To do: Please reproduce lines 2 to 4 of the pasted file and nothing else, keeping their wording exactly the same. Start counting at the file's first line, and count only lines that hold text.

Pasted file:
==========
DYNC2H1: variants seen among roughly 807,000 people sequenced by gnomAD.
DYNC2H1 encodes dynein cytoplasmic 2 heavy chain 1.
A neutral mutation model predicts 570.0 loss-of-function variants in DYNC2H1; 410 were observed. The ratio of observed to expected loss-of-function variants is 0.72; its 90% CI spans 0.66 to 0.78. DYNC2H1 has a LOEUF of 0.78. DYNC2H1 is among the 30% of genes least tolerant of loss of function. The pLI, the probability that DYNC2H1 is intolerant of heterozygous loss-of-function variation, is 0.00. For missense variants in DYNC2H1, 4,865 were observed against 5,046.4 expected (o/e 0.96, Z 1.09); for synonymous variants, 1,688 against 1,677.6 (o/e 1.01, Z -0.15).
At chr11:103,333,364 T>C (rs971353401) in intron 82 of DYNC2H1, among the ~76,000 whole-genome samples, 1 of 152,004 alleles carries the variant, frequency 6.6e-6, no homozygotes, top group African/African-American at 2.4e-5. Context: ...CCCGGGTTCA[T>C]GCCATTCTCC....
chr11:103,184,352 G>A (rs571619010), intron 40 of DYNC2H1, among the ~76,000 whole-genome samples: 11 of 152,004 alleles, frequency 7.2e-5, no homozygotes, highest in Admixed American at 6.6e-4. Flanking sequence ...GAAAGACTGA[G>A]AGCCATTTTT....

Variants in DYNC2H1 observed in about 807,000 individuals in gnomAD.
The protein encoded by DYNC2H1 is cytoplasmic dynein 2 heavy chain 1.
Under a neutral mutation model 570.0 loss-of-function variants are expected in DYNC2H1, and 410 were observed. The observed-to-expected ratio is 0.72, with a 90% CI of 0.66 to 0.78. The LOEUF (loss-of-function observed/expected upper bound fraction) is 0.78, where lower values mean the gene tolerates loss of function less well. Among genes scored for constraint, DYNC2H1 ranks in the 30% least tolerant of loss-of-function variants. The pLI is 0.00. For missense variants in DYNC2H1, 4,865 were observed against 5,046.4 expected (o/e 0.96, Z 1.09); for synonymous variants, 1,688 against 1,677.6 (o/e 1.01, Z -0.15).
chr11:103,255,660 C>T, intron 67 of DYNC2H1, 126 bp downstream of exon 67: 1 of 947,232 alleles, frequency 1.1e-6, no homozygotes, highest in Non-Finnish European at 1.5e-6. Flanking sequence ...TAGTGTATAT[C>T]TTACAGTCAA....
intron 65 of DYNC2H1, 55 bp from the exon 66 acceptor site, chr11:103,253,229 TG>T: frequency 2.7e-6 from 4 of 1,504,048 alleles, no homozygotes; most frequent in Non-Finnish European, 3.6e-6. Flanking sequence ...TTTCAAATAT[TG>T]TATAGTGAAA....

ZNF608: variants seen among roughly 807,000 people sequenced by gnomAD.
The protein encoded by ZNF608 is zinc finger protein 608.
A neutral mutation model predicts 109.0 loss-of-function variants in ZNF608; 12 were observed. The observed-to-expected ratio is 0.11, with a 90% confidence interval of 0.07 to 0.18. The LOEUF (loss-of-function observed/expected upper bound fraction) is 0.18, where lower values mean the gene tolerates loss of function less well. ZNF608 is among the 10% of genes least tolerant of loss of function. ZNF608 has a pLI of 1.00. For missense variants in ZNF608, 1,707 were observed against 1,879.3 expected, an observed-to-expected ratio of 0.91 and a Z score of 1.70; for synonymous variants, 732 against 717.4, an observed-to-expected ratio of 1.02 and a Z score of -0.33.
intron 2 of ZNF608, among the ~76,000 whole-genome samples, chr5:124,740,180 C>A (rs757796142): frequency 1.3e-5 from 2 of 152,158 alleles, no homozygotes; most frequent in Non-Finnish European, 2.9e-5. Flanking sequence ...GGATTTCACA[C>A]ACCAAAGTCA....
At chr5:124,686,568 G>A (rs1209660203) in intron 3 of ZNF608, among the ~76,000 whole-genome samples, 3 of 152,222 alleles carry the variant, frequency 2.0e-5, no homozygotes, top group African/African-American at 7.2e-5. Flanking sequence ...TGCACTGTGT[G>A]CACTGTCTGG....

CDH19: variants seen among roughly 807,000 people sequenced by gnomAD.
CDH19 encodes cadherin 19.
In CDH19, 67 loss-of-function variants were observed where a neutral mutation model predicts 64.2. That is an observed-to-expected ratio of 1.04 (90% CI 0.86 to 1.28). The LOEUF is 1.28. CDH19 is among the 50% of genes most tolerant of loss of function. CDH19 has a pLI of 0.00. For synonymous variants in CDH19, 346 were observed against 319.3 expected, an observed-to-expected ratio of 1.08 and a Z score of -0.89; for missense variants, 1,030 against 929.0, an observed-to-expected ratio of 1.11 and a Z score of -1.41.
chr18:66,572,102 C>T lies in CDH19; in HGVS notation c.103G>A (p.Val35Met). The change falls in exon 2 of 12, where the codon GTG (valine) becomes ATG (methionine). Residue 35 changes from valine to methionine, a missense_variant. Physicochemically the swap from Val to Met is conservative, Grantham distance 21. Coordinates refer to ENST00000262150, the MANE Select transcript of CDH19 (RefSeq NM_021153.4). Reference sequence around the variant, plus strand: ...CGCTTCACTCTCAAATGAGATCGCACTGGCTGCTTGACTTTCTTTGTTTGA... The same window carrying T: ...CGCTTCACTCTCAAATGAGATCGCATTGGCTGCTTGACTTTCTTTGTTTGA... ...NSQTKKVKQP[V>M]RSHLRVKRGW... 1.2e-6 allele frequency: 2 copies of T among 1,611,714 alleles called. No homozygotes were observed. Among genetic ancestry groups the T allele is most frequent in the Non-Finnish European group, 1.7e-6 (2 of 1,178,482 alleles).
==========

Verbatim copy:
DYNC2H1 encodes dynein cytoplasmic 2 heavy chain 1.
A neutral mutation model predicts 570.0 loss-of-function variants in DYNC2H1; 410 were observed. The ratio of observed to expected loss-of-function variants is 0.72; its 90% CI spans 0.66 to 0.78. DYNC2H1 has a LOEUF of 0.78. DYNC2H1 is among the 30% of genes least tolerant of loss of function. The pLI, the probability that DYNC2H1 is intolerant of heterozygous loss-of-function variation, is 0.00. For missense variants in DYNC2H1, 4,865 were observed against 5,046.4 expected (o/e 0.96, Z 1.09); for synonymous variants, 1,688 against 1,677.6 (o/e 1.01, Z -0.15).
At chr11:103,333,364 T>C (rs971353401) in intron 82 of DYNC2H1, among the ~76,000 whole-genome samples, 1 of 152,004 alleles carries the variant, frequency 6.6e-6, no homozygotes, top group African/African-American at 2.4e-5. Context: ...CCCGGGTTCA[T>C]GCCATTCTCC....